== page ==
COSTUME ON 4
May 14-15, 2022
The Antique Corset Museum
A Look At Specialty Items From the Collection of the Antique Corset Museum
Melanie Talkington is a corsetiere and started her business, Lace Embrace Atelier in 1997. It all began with a passion for historic costuming and the elusive word corset - a garment that nobody could actually explain. This led Melanie to do her own research and begin collecting original Victorian and Edwardian corsets, taking patterns from them and creating reproductions. Her hobby quickly flourished into a business which is now in its 25th year.
The antique corset collection has grown into the Antique Corset Museum. The collection consists of over 350 original antique corsets dating from the 18th century to 1970, along with bustles and all items related to underwear. Items from the collection have been on loan to museums around the world, including the Musee les Arts Decoratifs in Paris, the USA and Canada. You can visit the museum located inside the Lace Embrace boutique in Vancouver, BC, Canada.
Confections & Novelties: Women's Hats of the Gilded Age (Bonus Class)
Breaking It Down: An Introduction to Distressing/Ageing Costumes (Bonus Class)
Precision Shortcuts: Tips & Tricks for Sewing Period Costumes
Chantal founded Costume On in 2020 after quarantine cancelled her summer plans for in-person workshops. The result was a thriving costume community that mingles educators, reenactors, costumers and historians for a new event that balances user-friendly academia with creative fun. No costumer left behind!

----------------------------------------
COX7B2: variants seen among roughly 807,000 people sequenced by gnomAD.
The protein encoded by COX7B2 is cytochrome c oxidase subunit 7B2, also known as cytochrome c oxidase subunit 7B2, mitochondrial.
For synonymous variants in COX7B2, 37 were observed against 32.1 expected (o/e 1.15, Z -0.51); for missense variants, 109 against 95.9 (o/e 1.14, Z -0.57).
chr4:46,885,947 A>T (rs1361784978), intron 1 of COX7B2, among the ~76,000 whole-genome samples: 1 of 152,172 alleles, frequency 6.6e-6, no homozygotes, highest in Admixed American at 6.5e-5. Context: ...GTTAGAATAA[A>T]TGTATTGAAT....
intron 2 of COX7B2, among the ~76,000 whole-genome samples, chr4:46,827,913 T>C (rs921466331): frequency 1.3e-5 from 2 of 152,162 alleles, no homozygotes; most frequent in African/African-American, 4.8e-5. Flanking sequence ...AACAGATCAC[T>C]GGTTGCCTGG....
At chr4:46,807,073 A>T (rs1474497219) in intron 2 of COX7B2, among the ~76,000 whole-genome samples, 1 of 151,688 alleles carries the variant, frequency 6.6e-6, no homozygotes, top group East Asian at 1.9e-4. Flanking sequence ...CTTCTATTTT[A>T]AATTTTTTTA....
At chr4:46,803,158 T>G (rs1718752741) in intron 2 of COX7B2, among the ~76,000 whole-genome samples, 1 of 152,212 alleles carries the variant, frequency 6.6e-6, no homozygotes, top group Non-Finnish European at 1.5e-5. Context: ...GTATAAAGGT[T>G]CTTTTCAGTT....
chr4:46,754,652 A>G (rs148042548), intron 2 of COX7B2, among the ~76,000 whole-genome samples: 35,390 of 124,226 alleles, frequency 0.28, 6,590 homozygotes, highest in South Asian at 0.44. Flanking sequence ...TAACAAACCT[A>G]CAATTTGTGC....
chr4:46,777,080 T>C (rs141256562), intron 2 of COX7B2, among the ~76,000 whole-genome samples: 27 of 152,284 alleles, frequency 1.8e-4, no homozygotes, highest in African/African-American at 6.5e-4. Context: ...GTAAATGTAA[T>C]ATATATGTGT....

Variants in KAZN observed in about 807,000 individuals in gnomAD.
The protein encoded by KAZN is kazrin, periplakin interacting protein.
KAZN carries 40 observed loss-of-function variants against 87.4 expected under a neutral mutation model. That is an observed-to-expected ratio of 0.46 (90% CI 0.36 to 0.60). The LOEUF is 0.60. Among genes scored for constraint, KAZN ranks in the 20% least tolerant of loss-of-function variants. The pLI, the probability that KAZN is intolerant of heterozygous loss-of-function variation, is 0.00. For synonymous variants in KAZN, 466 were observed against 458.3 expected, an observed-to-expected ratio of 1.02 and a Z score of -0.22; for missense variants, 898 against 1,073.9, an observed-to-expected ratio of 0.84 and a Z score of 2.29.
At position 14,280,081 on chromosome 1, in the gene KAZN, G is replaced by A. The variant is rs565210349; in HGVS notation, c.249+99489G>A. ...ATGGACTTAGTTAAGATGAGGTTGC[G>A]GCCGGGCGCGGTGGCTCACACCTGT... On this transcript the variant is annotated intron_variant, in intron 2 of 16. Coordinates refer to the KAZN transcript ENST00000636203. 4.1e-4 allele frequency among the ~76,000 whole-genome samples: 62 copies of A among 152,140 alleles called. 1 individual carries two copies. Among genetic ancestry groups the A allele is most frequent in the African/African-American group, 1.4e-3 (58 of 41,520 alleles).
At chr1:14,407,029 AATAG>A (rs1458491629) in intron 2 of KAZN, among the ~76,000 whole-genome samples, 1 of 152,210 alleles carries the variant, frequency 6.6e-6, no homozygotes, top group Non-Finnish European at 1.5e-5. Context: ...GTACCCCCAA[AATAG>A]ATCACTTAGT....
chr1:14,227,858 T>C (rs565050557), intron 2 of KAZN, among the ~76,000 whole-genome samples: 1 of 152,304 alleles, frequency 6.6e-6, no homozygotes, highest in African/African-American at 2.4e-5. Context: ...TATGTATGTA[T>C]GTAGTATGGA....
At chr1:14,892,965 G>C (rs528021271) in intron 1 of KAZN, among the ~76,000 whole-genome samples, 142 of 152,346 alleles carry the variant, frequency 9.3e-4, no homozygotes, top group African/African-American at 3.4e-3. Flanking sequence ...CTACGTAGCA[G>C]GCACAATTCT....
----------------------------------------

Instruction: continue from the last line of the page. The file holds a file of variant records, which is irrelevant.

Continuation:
Costume On continues to evolve as part of larger plans for 1886, with a Master Class series and new additions each year.
What began 6 years ago with the purchase of a Victorian manor has begun to take shape. After two decades as a professional costumer for film/tv, Chantal is incredibly excited to move on to work in living history and focus on period clothing. She hopes to begin in-person classes and events at 1886 in 2023.
A Lasting Beauty: Creating Silk Millinery Flowers
The Opulent Stitch: An Overview of 18th & 19th Century Ribbon Embroidery
Denise Hendrick started her costuming journey over 25 years ago. The hobby eventually led to an apparel design degree, followed by starting Romantic Recollections in 2005.
Since 2014, she's been offering designs and classes to help other costumers bring the beauty of historic embroidery and embellishment to their own projects.
Vintage Capsule Wardrobe for Any Season: An Introduction to Historybounding
Bevin Lynn is an accomplished seamstress and tailor who enjoys making historic clothing in her free time.
Formerly the Coordinator of Interpretive Programs at Genesee Country Village and Museum and Costume Shop Manager, she has presented at national ALHFAM conferences and is a published author of several articles relating to historic costuming.
A Basic Introduction to 'The Workwoman's Guide': Utilizing A Period Manual & 1830s Cap Workshop
Jenny Saxton-Rodríguez is an Associate Professor in the Theatre department at the University of Texas Rio Grande Valley in southmost Texas, where she teaches costume design and construction, professional internship, theater history, and other courses. She has worked as a freelance costume designer and/or costume shop manager from the Midwest to the Northeast and Texas.